-updated- After my last Alice in Wonderland post, a friend of mine said she wasn’t exactly sure what was meant by “muchness.” Not familiar with Lewis Carroll’s Alice in Wonderland stories nor Tim Burton’s film, she thought she got it but she wasn’t entirely sure. Although there’s something perfectly nice about leaving it undefined, I wondered, if I had to define it, how would I?
It seems akin to me to a question writers are encouraged to answer when writing: is your own voice coming through? And what is that voice? Books and articles abound for writers on the topic of “finding your voice.” (And maybe, it’s like finding your Muchness.)
At times while writing my book, The B-girl Guide: In The Context Of Now – How to Live Your Life in Earth, Animal & People-Friendly Ways, I’d wish I could write in the cheery tone in which I wrote the initial B-girl diary entries (B-girl.com had diary entries before there were blogs). If I really think about it, however, those posts were cheery, yes, but also very stream of consciousness and wouldn’t necessarily represent who I am now anyway.
I could tell you my adventures -beginning from this morning,” said Alice a little timidly; “but it’s no use going back to yesterday, because I was a different person then.” – Alice’s Adventures in Wonderland
All the chapters are written; they are just awaiting the hiring of an editor (that update’s forthcoming) and, well, maybe, a little more Muchness. I’m certain I’m almost there: my vision is for the final result to be informative yet combine a sense of whimsy with ways of taking action and living authentically.
So, in giving the matter some thought, how to define “Muchness,” very quickly, a tumble of words came to me which seemed to define the indefinable. (The French have the term je ne sais quoi.)
My definition of Muchness:
Sparkle. Sass. Feeling strong and whole within yourself. A little bit bold and ready to take on… well.. anything.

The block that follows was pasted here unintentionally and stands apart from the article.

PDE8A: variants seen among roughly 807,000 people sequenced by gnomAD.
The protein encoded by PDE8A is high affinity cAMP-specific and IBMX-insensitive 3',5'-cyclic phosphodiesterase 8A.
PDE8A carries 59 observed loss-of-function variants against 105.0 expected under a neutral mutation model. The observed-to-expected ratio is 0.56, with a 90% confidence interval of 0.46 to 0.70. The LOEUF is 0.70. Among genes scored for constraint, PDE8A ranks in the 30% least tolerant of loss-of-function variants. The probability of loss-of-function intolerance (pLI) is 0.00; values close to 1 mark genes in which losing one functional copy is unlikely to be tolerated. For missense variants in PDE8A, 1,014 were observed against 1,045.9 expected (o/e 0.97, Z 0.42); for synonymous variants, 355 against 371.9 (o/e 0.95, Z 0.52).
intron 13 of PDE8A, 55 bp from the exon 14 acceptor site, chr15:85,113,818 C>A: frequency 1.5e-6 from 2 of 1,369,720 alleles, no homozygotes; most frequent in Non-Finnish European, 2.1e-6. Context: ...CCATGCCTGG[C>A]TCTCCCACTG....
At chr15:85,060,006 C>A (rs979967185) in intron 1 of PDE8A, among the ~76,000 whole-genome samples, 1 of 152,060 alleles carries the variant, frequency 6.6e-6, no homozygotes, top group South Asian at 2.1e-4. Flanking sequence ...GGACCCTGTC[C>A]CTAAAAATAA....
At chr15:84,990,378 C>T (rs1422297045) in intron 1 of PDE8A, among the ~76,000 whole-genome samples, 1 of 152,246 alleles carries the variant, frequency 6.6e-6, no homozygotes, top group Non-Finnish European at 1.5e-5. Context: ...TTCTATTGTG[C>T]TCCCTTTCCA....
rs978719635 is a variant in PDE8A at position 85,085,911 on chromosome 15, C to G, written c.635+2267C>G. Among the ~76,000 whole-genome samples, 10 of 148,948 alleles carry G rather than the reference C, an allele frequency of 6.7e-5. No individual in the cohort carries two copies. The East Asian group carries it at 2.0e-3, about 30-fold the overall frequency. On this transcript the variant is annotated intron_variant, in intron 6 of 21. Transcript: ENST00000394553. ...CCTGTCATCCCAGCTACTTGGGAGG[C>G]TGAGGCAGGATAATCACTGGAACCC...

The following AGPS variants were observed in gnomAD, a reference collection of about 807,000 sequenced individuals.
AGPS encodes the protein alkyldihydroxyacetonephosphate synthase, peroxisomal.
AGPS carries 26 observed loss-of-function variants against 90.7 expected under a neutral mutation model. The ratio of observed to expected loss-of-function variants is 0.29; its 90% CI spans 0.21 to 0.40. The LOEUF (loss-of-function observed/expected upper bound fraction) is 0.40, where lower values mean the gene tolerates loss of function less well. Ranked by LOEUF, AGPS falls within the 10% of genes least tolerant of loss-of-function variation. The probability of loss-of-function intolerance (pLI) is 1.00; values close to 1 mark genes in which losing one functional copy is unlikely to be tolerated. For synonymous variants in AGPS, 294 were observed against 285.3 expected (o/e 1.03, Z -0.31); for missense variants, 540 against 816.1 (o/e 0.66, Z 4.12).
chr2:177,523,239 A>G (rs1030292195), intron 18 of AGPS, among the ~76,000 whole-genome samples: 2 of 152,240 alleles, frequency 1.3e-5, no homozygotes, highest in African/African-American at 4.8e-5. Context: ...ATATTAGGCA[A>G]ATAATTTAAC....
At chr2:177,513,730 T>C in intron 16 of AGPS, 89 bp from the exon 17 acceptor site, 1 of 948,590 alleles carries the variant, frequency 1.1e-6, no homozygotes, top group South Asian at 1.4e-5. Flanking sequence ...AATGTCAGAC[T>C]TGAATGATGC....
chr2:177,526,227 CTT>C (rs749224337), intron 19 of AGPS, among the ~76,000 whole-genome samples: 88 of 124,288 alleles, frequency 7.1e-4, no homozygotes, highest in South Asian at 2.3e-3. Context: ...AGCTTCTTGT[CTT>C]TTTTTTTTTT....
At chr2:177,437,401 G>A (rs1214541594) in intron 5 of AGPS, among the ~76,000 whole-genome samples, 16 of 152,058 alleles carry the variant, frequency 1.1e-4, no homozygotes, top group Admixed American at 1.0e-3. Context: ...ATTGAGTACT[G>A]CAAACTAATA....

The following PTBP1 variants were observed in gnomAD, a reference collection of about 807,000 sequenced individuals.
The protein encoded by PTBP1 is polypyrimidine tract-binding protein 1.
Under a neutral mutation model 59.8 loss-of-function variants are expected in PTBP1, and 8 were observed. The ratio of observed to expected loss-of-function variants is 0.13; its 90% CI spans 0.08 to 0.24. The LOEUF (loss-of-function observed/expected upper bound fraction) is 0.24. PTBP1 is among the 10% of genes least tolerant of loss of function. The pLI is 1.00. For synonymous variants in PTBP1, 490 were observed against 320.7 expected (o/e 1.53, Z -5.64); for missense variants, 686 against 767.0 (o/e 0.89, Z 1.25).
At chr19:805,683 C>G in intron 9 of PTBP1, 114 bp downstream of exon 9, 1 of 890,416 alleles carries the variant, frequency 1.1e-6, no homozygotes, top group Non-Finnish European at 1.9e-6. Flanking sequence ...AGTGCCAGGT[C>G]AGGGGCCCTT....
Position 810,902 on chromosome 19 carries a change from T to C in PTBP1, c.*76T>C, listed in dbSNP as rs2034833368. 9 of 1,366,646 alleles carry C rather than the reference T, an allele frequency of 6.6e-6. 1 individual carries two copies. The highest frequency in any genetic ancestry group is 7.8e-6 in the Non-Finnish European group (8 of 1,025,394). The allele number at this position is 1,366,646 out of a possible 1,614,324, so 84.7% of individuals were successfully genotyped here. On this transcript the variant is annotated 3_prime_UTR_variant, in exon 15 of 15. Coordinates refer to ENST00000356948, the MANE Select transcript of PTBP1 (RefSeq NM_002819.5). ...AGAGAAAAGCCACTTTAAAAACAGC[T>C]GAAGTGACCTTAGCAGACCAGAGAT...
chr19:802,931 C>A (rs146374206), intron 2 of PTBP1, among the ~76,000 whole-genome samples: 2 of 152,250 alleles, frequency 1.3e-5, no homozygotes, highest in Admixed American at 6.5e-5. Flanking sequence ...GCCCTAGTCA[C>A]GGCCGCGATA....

There’s a scene in Burton’s “Alice in Wonderland” film where Alice sets out to rescue the Mad Hatter (Johnny Depp) after he’s been locked away by the Red Queen for protecting her (“he wouldn’t be there if it weren’t for me,” she tells her ally, Bayard the dog). The Hatter had already told Alice she’d “lost her muchness” but he obviously still very much believes in her (believing her muchness still exists; it’s just dormant). As she contemplates making her way to the castle across a large swamp in which the only route is leaping from one huge (dead) floating human head to another, to be navigated as if stepping stones, she ventures forward, and says, a bit defiantly, “Lost my Muchness, have I?” She then proceeds. I love that moment.
I suppose I’ve always been drawn to “Alice in Wonderland.” I used the “six impossible things” quote on B-girl materials over 10 years ago, and, as I reflected previously, I even won a contest for my costume as Alice growing up! And so, perhaps it is also a bit reassuring to recognize, that, whatever I might see in my present day as challenges, they do not include rescues involving mad dashes across human head-filled moats! I’d like to think tho’, if it were entirely necessary, I would do so.
A little something xtra: This picture is of my mother. She’s maybe in her ’20′s or ’30′s – it’s undated – in the midst of planning an event perhaps. Helen was an assistant fashion buyer at Butterick at Sixth Avenue and Spring in downtown Manhattan before she became a mom and then a teacher. I love this photo because it’s evident she so has her Muchness.
Photo #1: Sweetopia*
Updated March 5, 2011